K claimed that their doctor had told them they were getting more seizures because of not getting enough oxygen due to the masks, and therefore was unwilling to wear them in our space. I let K know “We really care about you and want to continue to support you in this struggle, however due to our responsibilities to our other patients and for the sake of our own health as workers in the space, we are unable to accommodate folks right now who aren’t able to wear masks but I deeply hope you are able to find somewhere else that can." K said "You people don’t care about me, you’re more concerned with making this a political issue!” I gave my sincere apologies and let K know I had to get back to my patients in the clinic space. And that’s how we left it.
Since K was allowed back into the clinic last year, the issue of "the fake pandemic" "manipulative politics of masks" "freedom" etc has come up every time I’ve treated them. K has often worn masks that are falling apart and has refused new ones from us for free. K has continued to unmask in the space when my back is turned.”
After some back and forth among the punks, the consensus was to send K an email reiterating that WCA regrets that it does not offer “mask exemptions” and we look forward to treating K again when the Oregon Health Authority guidelines have changed -- but in the meantime, don’t come into any WCA clinics without a mask. K responded to the email that they were “unaware that only state-approved masks were allowed” (just a little snark there) but that they would look into getting acupuncture somewhere other than WCA as long as the OHA guidelines were in place. Everyone breathed a sigh of relief.
So in the spirit of “reflection and review”, here’s what I noticed about the reprise of our epic safety incidents: In both cases, things went SO MUCH BETTER than they did the first time around. It’s hard to overstate the value of not being surprised when it comes to safety incidents. Everyone was calmer. Our communication was thorough. We were clear about our policies (and we didn’t have to come up with any new ones!). Everyone who interacted with Orlando and K in the clinic (and over email) handled the interactions beautifully.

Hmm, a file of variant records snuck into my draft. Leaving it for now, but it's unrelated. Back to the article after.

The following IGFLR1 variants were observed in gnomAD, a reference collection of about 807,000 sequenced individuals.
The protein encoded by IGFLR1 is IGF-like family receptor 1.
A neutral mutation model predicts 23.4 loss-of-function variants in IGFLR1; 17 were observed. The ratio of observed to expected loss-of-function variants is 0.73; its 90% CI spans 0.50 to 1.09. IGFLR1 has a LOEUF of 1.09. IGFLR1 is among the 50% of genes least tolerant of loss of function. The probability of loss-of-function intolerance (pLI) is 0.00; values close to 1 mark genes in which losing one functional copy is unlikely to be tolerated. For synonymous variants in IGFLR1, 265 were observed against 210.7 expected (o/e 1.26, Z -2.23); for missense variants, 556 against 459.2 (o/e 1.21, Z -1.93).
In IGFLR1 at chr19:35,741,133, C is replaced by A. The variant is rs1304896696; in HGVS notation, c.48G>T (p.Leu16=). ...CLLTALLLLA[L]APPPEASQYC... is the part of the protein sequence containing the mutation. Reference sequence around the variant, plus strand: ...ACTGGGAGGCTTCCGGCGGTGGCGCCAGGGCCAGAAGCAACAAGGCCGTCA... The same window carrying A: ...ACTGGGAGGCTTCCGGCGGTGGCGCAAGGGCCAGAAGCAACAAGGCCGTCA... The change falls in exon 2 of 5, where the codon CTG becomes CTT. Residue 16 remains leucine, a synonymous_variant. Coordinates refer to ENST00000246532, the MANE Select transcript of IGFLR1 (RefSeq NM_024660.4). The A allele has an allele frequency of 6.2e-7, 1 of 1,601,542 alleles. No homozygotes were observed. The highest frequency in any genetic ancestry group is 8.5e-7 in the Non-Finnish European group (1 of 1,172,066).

For me, there was a dramatic difference in how much energy that Orlando and K took up this time around. Previously, in both cases, their actions generated a blizzard of emails to read, a boatload of conversations to have, policies to write or clarify, and I couldn’t focus on much else administratively for a week or so. This time, both Orlando and K represented a blip in my day as opposed to the inundation of my week.
Also, nobody called the police and nobody threatened to kick anybody else’s ass. We’re doing great!
I’m going to take this Mercury retrograde as validation of our approach to safety, especially the idea that safety isn’t about trying to control everything -- it’s what we do in the face of what we can’t control. The omicron wave has been a reminder that we can’t control the virus, we can’t control other people’s behavior, and we can’t get perfect information on a perfect timeline. What we can do is to make good decisions for ourselves and then stick to them. What we can do is learn from our mistakes -- which requires tolerating our mistakes. What we can do is keep trying to make imperfect safety, together -- which includes unpacking safety incidents. Thanks, Mercury retrograde!